New poll up, replacing the one on who'll hit the most homers this year. Quentin was the choice of 43% of voters, with last year's champion, Eric Byrnes, languishing on 9%: perhaps an indication people reckon he'll be traded before season end? The new question is, who should bat lead-off? Callaspo did so at Tucson yesterday, and I think he would be a good choice. But as he's not expected to be an everyday starter, I've excluded him, and left the choices limited to the five most obvious candidates. [Sorry, Tracy, Jackson and Snyder, this is not your poll either!] And my latest column as AZ Sportshub was posted late Thursday, in which I listed my top 10 D-backs prospects yet to be seen in the majors.

Quick hits on our pitchers. It's reported Hernandez 2.0 is working on a sinker, to go alongside his four-seamer. He pitched them in Friday's game at Tucson, but I can't say we really noticed much, so seems that's still a work in progress. Maybe Webb can give him some tips in that area? Johnson's latest bullpen session went well; another one is scheduled for today. And congratulations to Jose Valverde, whose wife, Luisa, gave birth to a daughter, their first child, on Wednesday night. No wonder Jose looked so cheerful playing with the kids at the Fan Fest on Saturday. He's getting a couple of days off, but was scheduled to pitch again on Saturday in Tucson.

Interesting article on Tony Clark, who 'fesses up like the big man he is, and admits that last season, "I had a bad year. I didn't do my job. Indifferent to my at-bats, indifferent to the injury. I just didn't get it done." No argument here; he had a dismal 2006 and much more is expected in 2007, even as a part-timer. There was also this fascinating little section, which should be filed under Clubhouse Chemistry, giving a nice little insight into what 'Veteran Presence' means.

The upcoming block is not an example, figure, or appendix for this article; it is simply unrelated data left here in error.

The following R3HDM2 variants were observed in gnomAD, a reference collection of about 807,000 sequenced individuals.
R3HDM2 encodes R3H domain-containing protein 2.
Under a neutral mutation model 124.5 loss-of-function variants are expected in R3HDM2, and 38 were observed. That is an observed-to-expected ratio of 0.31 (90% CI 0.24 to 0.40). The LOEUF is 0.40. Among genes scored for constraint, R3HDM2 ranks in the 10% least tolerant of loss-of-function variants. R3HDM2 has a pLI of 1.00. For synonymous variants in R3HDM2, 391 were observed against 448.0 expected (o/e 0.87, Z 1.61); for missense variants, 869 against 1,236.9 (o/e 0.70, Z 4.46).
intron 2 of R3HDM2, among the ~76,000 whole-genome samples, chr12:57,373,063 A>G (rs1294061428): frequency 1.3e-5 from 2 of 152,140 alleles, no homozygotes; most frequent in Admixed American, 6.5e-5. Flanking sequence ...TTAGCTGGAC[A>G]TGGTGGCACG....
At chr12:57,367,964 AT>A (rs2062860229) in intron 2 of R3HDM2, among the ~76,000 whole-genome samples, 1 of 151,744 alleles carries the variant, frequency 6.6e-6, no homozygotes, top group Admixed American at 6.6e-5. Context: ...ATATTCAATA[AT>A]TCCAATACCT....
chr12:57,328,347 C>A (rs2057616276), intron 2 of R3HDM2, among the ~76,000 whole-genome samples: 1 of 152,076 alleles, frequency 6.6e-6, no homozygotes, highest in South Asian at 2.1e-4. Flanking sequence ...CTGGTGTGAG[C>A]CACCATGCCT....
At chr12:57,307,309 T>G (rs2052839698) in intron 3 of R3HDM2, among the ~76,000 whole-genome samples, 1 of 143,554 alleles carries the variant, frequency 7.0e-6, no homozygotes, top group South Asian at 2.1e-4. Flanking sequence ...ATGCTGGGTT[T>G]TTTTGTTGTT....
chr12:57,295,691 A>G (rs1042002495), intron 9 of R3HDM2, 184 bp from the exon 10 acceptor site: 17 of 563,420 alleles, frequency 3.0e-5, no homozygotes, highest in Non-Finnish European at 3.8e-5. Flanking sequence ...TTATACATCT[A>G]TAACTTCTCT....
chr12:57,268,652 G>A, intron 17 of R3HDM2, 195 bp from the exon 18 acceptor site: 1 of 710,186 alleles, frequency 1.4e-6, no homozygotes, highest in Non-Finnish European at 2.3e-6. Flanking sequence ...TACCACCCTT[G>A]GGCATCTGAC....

Already this spring, for instance, he's had to sit a couple young players down and preach the importance of accountability. He wouldn't name names, or even discuss the exact situations, but it was clear the problems have been fixed... "There are expectations with respect to how you carry yourself as a ballplayer on and off the field, how we go about our business, how we commit to any one particular task at any particular time during the course of the day. When internal distractions or external distractions deviate or lend itself to you not being where you need to be or committed to what you need to be committed, then something needs to be said. But I'll treat you as a man first."

Especially given the very young team we have this year, it could make sense to have someone like Clark to speak softly and carry the big stick in the locker-room. Though I don't tend to expect much trouble from the kids this year: they'll probably be a good deal easier to keep in line, than the 2001 version of the team (about whom I heard some, er, stories on the Tucson trip). Certainly, if the 6'7", 245-lb Clark talked to me, he would have my full attention. :-)